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ACAAI > Patients & Public > Resources > Ask the Allergist

Scarring from mosquito bites?

Q. I had a few questions about my reactions to mosquitoes. I am 11 years old and whenever I get a mosquito bite, it either swells up the length of my thigh or turns into a big blister. These blisters then become black circular scars which (as you would imagine) are not the most attractive thing in the world! Is this considered a severe reaction? Any suggestions would be great.

A. Indeed, you are having a severe reaction to mosquito bites. The substances causing the reaction are the proteins in the mosquito’s saliva that they inject when they bite you. Typically when anyone is exposed to a particular type of biting insect, they go through a well described series of responses. At first, there may be no response to the bite. After more bites, the immediate immune response begins, characterized by itching and redness shortly after a bite. Hours later, the immune response may continue and swelling could increase (called a delayed response). Eventually, a person can lose the delayed response, and ultimately even the immediate one, in time. The timing of this series of responses is dependent on many factors but most importantly how often one is being bitten, and it may take several years to progress through all the stages to no longer being sensitive.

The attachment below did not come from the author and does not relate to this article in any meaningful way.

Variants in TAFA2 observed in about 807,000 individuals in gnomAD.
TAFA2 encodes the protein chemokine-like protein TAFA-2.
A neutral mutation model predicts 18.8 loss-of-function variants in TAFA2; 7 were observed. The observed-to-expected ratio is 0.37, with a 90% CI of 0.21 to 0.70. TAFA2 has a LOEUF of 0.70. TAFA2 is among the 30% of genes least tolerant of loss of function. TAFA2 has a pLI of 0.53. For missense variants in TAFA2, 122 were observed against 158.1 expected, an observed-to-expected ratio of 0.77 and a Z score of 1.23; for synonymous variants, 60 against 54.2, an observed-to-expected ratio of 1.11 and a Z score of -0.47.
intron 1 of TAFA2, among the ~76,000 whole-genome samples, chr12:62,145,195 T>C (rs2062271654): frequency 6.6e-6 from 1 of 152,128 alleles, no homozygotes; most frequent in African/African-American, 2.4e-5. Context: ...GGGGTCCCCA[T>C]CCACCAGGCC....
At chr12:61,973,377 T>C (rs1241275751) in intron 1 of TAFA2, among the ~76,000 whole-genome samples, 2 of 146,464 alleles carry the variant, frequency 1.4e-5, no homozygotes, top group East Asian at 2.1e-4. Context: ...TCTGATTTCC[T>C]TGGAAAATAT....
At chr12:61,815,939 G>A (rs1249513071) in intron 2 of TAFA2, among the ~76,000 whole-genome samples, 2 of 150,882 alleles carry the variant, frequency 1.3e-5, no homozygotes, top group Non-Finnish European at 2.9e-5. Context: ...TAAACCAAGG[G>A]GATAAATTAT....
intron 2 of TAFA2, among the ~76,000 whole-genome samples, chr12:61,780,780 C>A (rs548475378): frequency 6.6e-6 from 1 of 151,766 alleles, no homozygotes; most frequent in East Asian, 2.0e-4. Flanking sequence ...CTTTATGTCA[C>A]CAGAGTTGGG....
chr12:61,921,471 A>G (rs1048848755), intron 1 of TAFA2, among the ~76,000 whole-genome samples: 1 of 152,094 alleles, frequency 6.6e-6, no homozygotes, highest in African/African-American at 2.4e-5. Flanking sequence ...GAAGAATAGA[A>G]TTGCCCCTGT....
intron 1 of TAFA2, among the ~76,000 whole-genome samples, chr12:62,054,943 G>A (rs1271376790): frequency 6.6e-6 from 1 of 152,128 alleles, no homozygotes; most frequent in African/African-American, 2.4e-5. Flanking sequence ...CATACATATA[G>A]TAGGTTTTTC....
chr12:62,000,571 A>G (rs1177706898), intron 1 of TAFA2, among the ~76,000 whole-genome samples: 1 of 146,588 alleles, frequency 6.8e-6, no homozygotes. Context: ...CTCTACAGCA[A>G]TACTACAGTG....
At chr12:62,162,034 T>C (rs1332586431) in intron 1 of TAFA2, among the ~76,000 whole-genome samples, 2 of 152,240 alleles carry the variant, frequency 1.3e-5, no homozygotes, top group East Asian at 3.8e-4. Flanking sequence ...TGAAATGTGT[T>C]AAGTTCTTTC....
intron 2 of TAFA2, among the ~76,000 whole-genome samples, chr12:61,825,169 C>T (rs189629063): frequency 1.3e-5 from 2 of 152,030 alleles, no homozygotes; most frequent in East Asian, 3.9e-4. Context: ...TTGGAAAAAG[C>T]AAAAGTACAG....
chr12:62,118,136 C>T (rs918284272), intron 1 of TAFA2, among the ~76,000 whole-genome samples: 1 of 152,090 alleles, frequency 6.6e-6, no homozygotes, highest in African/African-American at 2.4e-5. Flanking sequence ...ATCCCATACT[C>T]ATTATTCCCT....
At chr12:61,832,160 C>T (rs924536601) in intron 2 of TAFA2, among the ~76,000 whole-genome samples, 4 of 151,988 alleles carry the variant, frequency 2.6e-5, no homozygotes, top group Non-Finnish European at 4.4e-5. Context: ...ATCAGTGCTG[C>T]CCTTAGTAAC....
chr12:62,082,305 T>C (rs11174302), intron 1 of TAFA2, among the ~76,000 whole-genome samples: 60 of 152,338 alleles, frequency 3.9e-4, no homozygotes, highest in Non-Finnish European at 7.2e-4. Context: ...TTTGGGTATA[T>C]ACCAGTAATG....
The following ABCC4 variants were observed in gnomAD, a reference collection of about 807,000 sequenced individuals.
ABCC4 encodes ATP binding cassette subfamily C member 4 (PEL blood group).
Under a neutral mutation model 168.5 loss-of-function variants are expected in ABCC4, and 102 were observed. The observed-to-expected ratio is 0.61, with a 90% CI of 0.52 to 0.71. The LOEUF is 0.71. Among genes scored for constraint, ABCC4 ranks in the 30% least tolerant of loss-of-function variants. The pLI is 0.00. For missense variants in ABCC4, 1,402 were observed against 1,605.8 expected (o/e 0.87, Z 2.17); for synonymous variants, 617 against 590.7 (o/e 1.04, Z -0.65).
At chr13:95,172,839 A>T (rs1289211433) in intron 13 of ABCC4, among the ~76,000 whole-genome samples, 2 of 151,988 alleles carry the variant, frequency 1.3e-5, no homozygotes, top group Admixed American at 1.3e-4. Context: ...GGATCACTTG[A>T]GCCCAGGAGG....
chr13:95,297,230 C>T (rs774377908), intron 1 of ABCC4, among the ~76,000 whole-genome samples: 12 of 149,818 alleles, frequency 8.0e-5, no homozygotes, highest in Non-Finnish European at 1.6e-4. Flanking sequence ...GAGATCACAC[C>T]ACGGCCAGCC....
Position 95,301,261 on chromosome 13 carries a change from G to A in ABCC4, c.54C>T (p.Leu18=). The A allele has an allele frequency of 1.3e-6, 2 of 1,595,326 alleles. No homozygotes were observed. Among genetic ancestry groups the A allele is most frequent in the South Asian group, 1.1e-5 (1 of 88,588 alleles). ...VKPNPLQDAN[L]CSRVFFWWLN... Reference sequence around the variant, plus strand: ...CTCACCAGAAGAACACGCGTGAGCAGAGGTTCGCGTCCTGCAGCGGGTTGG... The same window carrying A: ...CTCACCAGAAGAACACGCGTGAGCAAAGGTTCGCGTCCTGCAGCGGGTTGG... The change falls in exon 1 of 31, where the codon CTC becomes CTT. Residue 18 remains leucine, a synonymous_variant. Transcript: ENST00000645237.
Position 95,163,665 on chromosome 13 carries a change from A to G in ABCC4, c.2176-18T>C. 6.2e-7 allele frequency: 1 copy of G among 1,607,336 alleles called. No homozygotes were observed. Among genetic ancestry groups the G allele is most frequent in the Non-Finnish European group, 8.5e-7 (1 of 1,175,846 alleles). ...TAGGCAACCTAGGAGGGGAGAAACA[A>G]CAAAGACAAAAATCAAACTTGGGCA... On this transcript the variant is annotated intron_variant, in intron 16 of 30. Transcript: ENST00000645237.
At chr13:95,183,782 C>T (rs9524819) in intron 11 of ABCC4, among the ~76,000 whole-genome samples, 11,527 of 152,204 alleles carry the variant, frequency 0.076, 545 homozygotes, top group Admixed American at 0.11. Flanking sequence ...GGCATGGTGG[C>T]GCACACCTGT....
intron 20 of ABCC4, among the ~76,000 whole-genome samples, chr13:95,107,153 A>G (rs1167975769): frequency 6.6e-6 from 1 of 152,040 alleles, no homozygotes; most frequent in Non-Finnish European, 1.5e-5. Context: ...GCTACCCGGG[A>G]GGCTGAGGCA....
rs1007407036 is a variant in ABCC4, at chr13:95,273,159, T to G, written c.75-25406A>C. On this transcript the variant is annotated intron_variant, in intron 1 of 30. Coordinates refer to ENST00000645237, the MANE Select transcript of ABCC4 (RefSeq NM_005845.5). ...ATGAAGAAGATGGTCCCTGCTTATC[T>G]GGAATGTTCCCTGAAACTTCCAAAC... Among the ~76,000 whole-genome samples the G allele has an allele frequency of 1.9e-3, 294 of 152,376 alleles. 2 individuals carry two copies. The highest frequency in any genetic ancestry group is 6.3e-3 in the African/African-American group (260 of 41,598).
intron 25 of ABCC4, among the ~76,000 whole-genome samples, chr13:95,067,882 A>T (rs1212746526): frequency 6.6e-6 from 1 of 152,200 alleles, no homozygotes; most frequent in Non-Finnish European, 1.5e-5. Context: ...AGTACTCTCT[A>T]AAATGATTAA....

Some people have a more severe reaction that involves worse swelling that may take 3-10 days to resolve. Sometimes there is bruising or blistering as you describe. Very rarely individuals may have systemic or generalized symptoms, away from the site of the bite. This reaction has been termed Skeeter Syndorme by my colleague Dr Estelle Simons. The good news with this is that the reaction usually gets better over time, but the bad news is that there is no specific therapy that will speed this along. Consequently we are left with avoidance and treatment with antihistamines. Avoidance includes not going to areas with a lot of mosquitoes (especially at dawn and dusk when mosquitos are most active), using permethrin (an insecticide available at outdoor stores) treated clothes and insect repellents like DEET (a commercially available insecticide that can be applied to skin) to keep mosquitoes away from you. After being bitten, a long acting antihistamine like cetirizine, fexofenadine or loratadine may minimize the reaction. These are all available over the counter. One word of caution is that because of scratching, the skin around the bite area may become infected. Skin infection causes the area to be red, swollen, warm and painful. This can look just like the large local reaction you describe, but typically occurs later. So if the reaction seems delayed or if it keeps getting worse after a few days then you should see a local doctor to check for the possibility of infection.